Columbia River – Quarantine Station to Vista Park

August 29, 2019 – I slept well in the Pesthouse. It was a smooth and easy morning. I finished up yesterday’s blog post. I ran out of time to proofread published it anyway. I was on the water by 9:25, 40 minutes after the tide turned and starting filling up the river. It was warm and overcast with patches of blue peeking through here and there. No rain. No thunder or lightening. No wind.

Again I was paddling water I had so often driven next to. It was not long before I was paddling next to the shore where there was no highway. It felt wild and reminded me a bit of southeast Alaska. It was quiet. No ships were coming or going, even far off along the south shore. I had the river to myself. Well, I did have to share it with the harbor seals. I didn’t mind.

At first there were some pretty ominous clouds that could have easily spat out some lightening, but they began to fade. By the time I was equidistant with Rice Island there was one dark cloud over the east end, and by the time I was near the middle of the island it was blue skies everywhere. I still had lots of flood current ahead of me, and I was making really good time, so I decided to paddle to Rice and have a little break… and look at birds…

I was rewarded with three different shorebird species right away. About a hundred semipalmated plovers flew over my head and were calling. They looked like semipalms but I wasn’t familiar with their flight call so I pulled it up in my Sibley app and, voila’, that was what they were. I’ve never seen so many, and definitely never seen them in flight like that. Then I saw a large number of western sandpipers fly over in the same flight path. It was like they were all glad I was there to appreciate them. Then three pale gray shorebirds landed just far enough away that I couldn’t get a good photo of them but close enough I could get a good look at them through my binoculars. Sanderlings! They had already changed back to their nonbreeding plumage.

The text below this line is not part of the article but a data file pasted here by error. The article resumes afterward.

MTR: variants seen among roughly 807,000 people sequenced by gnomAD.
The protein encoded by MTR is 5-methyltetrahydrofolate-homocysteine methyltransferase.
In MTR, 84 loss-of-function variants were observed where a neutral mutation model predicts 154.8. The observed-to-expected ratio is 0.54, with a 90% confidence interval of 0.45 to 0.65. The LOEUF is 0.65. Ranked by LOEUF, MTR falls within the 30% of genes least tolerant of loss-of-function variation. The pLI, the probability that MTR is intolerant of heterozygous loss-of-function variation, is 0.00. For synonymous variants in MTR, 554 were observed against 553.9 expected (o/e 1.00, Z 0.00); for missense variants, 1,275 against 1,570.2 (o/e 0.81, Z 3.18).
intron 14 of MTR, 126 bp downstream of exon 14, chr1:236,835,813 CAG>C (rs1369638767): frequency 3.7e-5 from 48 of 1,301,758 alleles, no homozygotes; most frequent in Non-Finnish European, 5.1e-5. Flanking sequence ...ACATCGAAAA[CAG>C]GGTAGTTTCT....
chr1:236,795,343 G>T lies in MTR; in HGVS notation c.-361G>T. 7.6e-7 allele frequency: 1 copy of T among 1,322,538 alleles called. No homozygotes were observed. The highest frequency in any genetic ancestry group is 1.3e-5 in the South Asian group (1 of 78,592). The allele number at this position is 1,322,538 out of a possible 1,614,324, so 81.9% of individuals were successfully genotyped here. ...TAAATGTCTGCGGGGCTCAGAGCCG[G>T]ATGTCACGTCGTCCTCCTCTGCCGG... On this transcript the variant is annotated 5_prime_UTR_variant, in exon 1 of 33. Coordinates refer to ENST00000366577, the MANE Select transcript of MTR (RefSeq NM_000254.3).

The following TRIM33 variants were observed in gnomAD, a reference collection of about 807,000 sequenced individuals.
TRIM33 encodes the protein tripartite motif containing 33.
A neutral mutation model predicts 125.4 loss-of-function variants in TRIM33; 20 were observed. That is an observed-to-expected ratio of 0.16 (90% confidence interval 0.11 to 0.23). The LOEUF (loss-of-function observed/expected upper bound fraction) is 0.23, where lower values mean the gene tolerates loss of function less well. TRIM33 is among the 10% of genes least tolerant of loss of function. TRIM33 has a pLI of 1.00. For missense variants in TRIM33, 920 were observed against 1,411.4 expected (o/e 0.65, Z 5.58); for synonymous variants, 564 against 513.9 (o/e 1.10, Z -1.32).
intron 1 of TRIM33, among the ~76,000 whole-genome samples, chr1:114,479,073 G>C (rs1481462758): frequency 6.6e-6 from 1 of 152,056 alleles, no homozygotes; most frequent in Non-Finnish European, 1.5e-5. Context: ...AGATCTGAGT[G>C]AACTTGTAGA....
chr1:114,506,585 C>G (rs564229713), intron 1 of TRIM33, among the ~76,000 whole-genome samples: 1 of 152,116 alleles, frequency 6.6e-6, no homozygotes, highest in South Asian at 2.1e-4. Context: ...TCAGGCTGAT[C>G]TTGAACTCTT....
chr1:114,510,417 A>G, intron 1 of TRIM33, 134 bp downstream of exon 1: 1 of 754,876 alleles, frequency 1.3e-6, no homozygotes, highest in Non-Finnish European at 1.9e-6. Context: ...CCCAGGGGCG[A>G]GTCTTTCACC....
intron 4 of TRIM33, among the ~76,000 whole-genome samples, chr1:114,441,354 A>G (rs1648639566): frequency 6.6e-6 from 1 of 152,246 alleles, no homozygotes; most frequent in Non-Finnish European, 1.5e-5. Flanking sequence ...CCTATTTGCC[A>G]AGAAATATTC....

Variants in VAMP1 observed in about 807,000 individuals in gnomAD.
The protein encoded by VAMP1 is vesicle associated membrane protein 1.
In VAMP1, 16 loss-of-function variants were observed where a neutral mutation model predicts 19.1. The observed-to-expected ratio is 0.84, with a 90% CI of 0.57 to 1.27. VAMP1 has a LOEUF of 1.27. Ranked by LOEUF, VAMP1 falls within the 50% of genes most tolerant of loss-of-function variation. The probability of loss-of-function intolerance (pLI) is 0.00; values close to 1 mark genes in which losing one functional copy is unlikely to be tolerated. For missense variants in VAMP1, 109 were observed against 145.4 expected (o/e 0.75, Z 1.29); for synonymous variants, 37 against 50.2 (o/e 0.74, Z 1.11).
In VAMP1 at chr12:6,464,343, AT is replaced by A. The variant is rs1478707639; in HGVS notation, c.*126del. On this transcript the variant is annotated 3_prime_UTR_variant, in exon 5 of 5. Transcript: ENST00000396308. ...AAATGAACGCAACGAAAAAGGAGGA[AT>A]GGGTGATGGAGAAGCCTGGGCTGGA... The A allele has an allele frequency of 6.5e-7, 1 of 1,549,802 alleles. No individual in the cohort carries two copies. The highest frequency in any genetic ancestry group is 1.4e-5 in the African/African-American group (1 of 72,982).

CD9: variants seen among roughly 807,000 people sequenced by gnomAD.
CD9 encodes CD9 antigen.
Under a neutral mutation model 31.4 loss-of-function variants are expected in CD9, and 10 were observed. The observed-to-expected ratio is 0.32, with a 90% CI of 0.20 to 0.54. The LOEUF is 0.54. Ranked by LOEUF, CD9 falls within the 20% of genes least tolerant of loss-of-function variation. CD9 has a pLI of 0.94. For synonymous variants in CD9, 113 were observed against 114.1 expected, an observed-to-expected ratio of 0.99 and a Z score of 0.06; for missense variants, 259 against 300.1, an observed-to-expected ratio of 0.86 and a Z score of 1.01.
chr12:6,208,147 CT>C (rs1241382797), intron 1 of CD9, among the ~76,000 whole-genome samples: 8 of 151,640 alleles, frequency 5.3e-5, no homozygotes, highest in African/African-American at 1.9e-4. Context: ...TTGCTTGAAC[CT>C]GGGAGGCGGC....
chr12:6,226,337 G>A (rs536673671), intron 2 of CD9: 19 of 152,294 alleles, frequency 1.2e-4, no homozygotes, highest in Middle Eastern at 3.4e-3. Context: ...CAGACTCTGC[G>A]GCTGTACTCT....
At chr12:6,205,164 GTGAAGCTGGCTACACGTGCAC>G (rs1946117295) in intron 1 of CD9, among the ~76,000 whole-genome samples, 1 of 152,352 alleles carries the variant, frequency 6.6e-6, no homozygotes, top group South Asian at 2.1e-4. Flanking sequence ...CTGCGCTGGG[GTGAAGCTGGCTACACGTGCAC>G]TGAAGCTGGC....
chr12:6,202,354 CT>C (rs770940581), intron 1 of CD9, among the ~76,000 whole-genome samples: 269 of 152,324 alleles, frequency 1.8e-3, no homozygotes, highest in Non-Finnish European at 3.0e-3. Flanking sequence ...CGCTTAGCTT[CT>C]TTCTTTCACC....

Having finished my breakfast and my bird list I got back on the water and headed toward Harrington Point. Now I was in familiar waters. In fact, from this point I was in my neighborhood. My home town. A growing feeling of peace settled over me the farther east I paddled. The only thing new was that I stayed farther off shore to get a different perspective. Unfortunately, that perspective consisted of a lot of clear cuts, but that is what it is where I live.

I arrived at Vista Park around 1:30 and, after a comedy of errors, was greeted by friends who came to spend some time together as this journey nears its end. Friends and loved ones came and went throughout the afternoon and evening. They fed me, built a campfire, and I enjoyed every moment with them all.

Now here I am at the end. Many feelings come and go as I reflect on the journey. It will take time to sort them all out. That’s good. I’m going to need something to do now that I won’t be rolling out of a tent, starting up the camp stove, making breakfast, striking camp, loading up the kayak, paddling with whales, dolphins, seals, otters, murrelets, guillemots, loons, etc., landing on a new beach, unloading the kayak, moving everything above the high tide line, setting up camp, starting up the camp stove, making supper (and lunch and snacks for the next day), writing my journal entry, falling asleep to the sound of the water and the wind and the wildlife.

This is going to take some time to get used to.

Written by

kyleenaustin

I am passionate about outdoor exploration. In the recent years I have discovered how much more I can experience from a kayak. I am a professional musician and own a dairy where we produce raw milk, butter and cheeses. My son tells me I have "too much on my plate". He is correct, but I wouldn't live life any other way.

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